Creating A Style

I never really understood creating a style for several years and is still difficult to define. I can't really say that I have stuck to any one style but changed with time. I always thought I would someday create my own style that was unique and everyone would love it but I had too many other dreams and never really wanted to keep one style. It's been fun looking at what others are doing and creating my own ideas.

I guess I shouldn't even really talk about a style as I don't do professional photography, but on an amateur level like hopefully yourself, we want to learn to be good at it to take great pictures.

Through all the years I have discovered a style or common practice becomes second nature after creating hundreds of thousands of images. You start to do the same things over and over and you know what you like and others like as well. Once you know something works, why change it right!?

Most styles are created by seeing other peoples photography and imitating the images you see. In fact this is a great way to start out. Why not!? Get ideas, look at the lighting in the photos and go with that. Experiment.

Make a notebook of ideas that you want to try. Once you have a subject or time to try it, make sure you have time to practice the new idea before the actual shoot.
 

My Style

My lighting style outdoors is different as indoors for personal photo shoot.

  • Outdoors
    • Scenery - Depending on the situation, I do a lot of scenery photos and usually like to have the light to where it produces shadows so there is depth throughout the entire picture and you feel like you are there. However, if I am shooting sunrise sunset you of course want more back light so usually allow the surrounding to silhouette. Another neat trick isto not actually take the sunset picture but picture of something else which the vibrant colors of the sunset on the side of it. Best way to get these pictures is to take the photo with the sunset at an angel to the subject.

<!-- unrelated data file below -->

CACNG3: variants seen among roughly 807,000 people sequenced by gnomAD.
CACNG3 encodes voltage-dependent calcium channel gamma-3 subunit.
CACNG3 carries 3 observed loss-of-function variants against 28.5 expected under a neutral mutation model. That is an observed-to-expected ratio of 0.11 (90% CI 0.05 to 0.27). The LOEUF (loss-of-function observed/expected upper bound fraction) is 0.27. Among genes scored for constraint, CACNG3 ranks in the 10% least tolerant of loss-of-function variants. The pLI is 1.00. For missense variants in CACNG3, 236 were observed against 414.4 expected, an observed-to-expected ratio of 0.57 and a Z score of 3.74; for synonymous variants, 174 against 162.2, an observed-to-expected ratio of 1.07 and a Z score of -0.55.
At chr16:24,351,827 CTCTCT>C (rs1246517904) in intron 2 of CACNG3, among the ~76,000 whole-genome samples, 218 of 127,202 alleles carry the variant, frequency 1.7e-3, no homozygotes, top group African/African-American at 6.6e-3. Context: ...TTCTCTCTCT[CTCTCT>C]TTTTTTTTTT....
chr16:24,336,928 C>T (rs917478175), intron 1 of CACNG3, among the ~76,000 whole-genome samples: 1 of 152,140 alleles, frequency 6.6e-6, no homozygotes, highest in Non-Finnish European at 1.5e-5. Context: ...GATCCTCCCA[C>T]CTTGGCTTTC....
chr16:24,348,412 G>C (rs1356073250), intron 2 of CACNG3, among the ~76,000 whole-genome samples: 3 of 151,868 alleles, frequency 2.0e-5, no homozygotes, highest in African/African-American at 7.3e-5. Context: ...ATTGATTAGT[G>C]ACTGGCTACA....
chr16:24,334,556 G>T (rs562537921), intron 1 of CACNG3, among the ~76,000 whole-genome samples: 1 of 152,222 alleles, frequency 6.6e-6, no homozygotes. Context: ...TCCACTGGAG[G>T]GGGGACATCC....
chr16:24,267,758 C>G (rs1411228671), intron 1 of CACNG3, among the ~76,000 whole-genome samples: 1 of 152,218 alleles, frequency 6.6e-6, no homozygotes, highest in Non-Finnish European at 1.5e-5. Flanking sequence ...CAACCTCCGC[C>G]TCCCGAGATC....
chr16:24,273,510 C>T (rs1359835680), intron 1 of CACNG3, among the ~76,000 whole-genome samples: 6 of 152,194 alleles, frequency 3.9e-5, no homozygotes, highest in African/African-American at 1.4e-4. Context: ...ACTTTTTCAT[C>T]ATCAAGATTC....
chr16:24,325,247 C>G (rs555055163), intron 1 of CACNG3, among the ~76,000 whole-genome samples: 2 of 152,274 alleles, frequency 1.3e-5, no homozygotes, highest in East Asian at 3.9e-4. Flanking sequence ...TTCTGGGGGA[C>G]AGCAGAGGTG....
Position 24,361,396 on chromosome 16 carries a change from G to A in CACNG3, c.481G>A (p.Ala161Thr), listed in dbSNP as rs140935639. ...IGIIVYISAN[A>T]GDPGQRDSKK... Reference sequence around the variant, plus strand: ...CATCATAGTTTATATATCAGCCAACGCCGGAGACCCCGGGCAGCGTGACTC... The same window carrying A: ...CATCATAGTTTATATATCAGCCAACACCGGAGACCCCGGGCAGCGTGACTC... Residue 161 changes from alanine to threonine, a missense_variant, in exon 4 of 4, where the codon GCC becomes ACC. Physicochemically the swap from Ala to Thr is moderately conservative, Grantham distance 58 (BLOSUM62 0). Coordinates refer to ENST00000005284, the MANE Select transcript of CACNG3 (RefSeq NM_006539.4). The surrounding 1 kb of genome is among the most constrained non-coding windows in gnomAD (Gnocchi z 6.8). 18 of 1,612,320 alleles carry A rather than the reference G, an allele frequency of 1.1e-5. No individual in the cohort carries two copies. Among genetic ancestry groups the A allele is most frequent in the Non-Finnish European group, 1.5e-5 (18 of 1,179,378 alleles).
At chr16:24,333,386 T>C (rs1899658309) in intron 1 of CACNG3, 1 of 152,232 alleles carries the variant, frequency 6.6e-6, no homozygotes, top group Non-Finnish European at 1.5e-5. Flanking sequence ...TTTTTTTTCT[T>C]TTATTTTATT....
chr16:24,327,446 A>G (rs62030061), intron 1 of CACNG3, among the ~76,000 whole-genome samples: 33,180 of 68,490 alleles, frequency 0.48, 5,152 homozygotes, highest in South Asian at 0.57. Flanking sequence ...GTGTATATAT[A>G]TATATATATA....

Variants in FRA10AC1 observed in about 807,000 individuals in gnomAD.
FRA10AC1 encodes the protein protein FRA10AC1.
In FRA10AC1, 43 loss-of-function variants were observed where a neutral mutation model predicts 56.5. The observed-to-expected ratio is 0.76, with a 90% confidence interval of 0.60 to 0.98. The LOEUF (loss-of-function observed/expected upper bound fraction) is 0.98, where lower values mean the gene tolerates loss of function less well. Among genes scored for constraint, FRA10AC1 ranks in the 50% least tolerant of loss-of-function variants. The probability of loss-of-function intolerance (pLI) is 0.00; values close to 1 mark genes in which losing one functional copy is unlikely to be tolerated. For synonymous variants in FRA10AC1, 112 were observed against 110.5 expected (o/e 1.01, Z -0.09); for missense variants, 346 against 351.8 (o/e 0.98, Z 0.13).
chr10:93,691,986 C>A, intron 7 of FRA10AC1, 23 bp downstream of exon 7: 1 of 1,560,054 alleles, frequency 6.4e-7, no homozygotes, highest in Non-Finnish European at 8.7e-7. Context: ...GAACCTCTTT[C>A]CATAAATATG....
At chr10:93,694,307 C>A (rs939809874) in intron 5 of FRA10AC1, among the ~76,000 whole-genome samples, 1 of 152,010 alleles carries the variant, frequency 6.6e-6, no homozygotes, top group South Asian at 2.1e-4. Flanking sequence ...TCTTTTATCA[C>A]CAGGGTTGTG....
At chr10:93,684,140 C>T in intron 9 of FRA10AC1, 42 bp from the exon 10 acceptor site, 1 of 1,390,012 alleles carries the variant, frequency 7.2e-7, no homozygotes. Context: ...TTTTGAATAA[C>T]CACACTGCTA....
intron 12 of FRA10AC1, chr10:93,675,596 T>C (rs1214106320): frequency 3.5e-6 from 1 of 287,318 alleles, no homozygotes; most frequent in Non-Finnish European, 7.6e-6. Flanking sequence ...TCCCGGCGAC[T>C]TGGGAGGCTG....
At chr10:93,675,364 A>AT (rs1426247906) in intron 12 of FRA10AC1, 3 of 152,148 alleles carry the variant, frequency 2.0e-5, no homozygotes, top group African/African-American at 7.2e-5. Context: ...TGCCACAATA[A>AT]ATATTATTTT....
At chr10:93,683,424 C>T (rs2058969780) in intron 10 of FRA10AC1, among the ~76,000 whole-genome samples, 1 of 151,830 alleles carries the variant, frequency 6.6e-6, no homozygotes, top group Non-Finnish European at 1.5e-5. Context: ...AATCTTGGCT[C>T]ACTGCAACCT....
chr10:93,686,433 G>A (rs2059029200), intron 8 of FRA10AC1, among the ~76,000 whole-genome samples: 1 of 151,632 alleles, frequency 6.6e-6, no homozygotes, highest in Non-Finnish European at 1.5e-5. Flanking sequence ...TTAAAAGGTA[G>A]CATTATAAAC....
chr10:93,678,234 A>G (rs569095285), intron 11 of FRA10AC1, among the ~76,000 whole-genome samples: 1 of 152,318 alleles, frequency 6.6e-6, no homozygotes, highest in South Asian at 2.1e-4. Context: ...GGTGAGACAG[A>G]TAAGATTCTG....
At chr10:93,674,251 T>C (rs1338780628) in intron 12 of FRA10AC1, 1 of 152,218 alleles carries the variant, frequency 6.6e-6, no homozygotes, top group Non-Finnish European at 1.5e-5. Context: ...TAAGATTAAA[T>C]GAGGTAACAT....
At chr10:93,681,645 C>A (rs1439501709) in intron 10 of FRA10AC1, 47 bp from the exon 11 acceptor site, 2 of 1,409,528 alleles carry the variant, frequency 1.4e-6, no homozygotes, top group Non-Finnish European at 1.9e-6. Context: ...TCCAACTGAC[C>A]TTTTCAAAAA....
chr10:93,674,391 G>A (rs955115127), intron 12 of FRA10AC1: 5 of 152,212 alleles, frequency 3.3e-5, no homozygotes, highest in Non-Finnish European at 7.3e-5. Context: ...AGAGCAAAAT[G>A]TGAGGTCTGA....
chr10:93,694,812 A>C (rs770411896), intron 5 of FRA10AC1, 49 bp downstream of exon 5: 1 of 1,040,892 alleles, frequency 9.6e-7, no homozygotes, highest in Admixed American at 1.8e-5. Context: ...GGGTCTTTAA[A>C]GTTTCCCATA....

• People - I love to have more light on the person then the surrounding yet the surrounding are a very important part of the image as well. It may just be a filler but it sets the mood as well. So the 2/3's rule can be 2/3's scenery and 1/3 subject or even less. I like to have backlight on the person so they and their hair look alive. Sometimes this is not easily achieved without whiting out the photo.

 

  • Indoors
    • Putting more light on the face or key parts of the body creates glamorous shots. A neat back light trick is the place a small light, if you're poor then you can use a wide spot flash light as a backlight on the subjects hair and body to make them look vibrant and alive. This works exceptionally well for light colored hair. Darker hairs will look like they were drawn on with a marker if you don't add some light to a low light picture. The key to creating a dramatic hair light, is to light the hair with more light than the subjects face. I love to have more light on the person then the surrounding yet the surrounding are a very important part of the image as well. It may just be a filler but it sets the mood as well. I like to have backlight on the person so they and their hair look alive. Sometimes this is not easily achieved without whiting out the photo.

Creating your own photographic style will come from emulating other photographers work and experimenting with different techniques in lighting and shooting. But most important is to keep shooting and trying new ideas on your subjects. And start your own ideas file.